we proceed to the second step in the process and seek to ascertain the meaning intended by Congress when the provision was enacted. In the context of the Bankruptcy Code, it is presumed that a debtor's resources should be equally distributed among the creditors, and statutory priorities are therefore to be narrowly construed. See In re: Merry-Go-Round Enter., Inc., 180 F.3d 149, 157 (4th Cir.1999) (observing general "presumption in bankruptcy cases that all of a debtor's limited resources will be equally distributed among creditors").
In assessing whether the Zurich Claim is entitled to priority status under the Statute, I first briefly review the split of authority in the federal courts as to whether claims for unpaid insurance premiums are so entitled. As explained below, I am of the view that the pertinent statutory terms--"contributions," "employee benefit plan," and "services rendered"--are plain and unambiguous. I am therefore obliged to apply the Statute to the Zurich Claim and, in so doing, conclude that it is entitled to priority status thereunder.
The issue presented by Zurich has been previously considered by several other courts, and they disagree on whether a debtor's unpaid premiums for workers' compensation insurance constitute "contributions to an employee benefit plan arising from services rendered," and on whether a bankruptcy claim for such premiums is thereby entitled to fourth-level priority status under the Statute. Compare Travelers Prop. Cas. Corp. v. Birmingham-Nashville Express, Inc. (In re: Birmingham-Nashville Express, Inc.), 224 F.3d 511 (6th Cir.2000) (denying priority status), State Ins. Fund v. S. Star Foods, Inc. (In re: S. Star Foods, Inc.), 144 F.3d 712 (10th Cir.1998) (same), and Employers Ins. of Wausau, Inc. v. HLM Corp. (In re: HLM Corp.), 62 F.3d 224 (8th Cir.1995) (same), with Employers Ins. of Wausau v. Plaid Pantries, Inc., 10 F.3d 605 (9th Cir.1993) (affording priority status). This disagreement among the courts rests upon opposing constructions of the Statute: the Ninth Circuit (and various district and bankruptcy courts) deeming the Statute to be unambiguous and affording priority to such claims; while the Sixth, Tenth, and Eighth Circuits (as well as several district and bankruptcy courts) have concluded that the Statute's legislative history precludes priority status being accorded to such claims. These divergent views deserve some further examination.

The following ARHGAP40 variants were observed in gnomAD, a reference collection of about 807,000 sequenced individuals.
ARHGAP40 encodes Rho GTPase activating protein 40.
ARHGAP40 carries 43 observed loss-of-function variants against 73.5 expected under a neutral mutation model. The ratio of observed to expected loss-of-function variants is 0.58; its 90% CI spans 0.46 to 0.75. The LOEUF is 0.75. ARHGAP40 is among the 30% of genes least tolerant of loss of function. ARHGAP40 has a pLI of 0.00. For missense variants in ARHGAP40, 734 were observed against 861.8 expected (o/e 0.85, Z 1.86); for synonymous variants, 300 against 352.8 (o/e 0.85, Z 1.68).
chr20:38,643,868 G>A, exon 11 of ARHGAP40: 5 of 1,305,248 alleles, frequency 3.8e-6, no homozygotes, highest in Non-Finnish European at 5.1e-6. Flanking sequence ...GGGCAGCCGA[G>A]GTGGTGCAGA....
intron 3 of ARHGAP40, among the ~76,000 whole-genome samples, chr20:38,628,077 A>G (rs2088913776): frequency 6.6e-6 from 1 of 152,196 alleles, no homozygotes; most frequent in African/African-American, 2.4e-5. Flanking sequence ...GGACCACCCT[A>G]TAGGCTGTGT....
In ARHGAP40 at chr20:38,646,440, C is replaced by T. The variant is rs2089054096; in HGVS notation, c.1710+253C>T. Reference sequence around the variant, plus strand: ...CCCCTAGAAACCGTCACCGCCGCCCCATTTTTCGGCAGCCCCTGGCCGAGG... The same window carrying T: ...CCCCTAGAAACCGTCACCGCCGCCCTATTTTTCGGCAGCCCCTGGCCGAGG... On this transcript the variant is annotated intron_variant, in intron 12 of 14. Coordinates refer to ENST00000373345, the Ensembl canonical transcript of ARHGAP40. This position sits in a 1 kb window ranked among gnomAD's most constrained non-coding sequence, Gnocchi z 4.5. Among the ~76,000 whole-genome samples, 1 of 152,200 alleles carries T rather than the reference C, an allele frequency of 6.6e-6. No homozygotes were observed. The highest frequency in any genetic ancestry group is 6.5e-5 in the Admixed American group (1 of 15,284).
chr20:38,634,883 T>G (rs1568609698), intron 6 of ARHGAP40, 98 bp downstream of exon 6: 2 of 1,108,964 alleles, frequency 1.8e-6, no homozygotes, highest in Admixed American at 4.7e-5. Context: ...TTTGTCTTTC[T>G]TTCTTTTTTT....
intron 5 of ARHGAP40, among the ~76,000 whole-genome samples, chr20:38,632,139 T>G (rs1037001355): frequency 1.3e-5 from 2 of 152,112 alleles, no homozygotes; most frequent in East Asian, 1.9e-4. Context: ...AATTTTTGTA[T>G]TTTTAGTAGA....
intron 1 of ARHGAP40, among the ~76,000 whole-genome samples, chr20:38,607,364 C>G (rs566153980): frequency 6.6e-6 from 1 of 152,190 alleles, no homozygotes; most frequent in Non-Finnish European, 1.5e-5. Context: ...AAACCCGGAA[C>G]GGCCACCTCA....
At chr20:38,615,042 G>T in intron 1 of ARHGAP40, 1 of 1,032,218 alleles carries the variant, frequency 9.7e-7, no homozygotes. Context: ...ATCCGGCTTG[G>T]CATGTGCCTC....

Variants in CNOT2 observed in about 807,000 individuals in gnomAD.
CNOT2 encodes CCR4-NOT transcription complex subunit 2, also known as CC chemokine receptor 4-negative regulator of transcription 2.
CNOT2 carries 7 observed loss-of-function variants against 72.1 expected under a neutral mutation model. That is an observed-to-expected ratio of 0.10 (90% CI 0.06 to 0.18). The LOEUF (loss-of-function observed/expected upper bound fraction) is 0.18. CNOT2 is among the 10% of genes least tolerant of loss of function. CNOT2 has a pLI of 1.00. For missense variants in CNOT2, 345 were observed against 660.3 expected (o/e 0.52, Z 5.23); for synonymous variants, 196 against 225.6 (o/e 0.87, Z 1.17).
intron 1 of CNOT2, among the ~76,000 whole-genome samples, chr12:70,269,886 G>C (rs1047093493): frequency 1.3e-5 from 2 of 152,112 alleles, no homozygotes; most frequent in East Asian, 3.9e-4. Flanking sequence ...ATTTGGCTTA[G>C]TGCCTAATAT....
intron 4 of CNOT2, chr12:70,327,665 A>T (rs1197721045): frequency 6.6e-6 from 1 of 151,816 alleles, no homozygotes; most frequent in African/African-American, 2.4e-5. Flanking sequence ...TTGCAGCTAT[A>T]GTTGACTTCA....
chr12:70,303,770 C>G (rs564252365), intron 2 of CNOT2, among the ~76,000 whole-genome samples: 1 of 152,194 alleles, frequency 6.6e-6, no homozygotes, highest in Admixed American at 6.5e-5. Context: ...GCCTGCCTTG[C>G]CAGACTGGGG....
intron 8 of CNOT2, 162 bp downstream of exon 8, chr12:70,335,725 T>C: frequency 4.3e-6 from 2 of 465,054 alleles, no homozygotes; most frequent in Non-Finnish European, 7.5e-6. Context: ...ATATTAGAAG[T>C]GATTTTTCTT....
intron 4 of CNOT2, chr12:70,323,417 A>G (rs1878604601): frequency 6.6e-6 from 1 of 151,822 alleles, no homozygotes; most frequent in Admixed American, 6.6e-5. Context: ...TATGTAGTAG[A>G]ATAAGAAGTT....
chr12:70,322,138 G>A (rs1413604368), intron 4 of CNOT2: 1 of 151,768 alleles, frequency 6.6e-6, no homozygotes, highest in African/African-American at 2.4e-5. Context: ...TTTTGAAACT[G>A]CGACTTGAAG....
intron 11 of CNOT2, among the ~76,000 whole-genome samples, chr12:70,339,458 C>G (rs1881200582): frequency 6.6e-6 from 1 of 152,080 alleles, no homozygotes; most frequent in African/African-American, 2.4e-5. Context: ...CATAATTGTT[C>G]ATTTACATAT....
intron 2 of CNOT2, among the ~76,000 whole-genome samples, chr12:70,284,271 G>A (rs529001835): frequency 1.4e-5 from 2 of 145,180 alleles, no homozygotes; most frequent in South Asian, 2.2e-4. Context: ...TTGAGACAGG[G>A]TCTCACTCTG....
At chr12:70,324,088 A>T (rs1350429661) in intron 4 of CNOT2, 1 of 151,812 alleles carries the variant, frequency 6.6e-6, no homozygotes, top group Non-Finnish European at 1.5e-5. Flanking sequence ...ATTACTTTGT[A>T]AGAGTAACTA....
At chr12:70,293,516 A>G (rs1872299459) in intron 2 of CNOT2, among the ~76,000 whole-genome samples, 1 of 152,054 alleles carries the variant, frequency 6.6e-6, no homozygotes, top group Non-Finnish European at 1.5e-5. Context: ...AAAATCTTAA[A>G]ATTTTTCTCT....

The first line of decisions addressing bankruptcy claims for unpaid insurance premiums, including the Ninth Circuit's decision in Plaid Pantries, has found the Statute to be unambiguous, and thus reasoned that legislative history need not be considered. Relying on the Statute's plain meaning, those courts have concluded that the Statute...
To continue readingFREE SIGN UP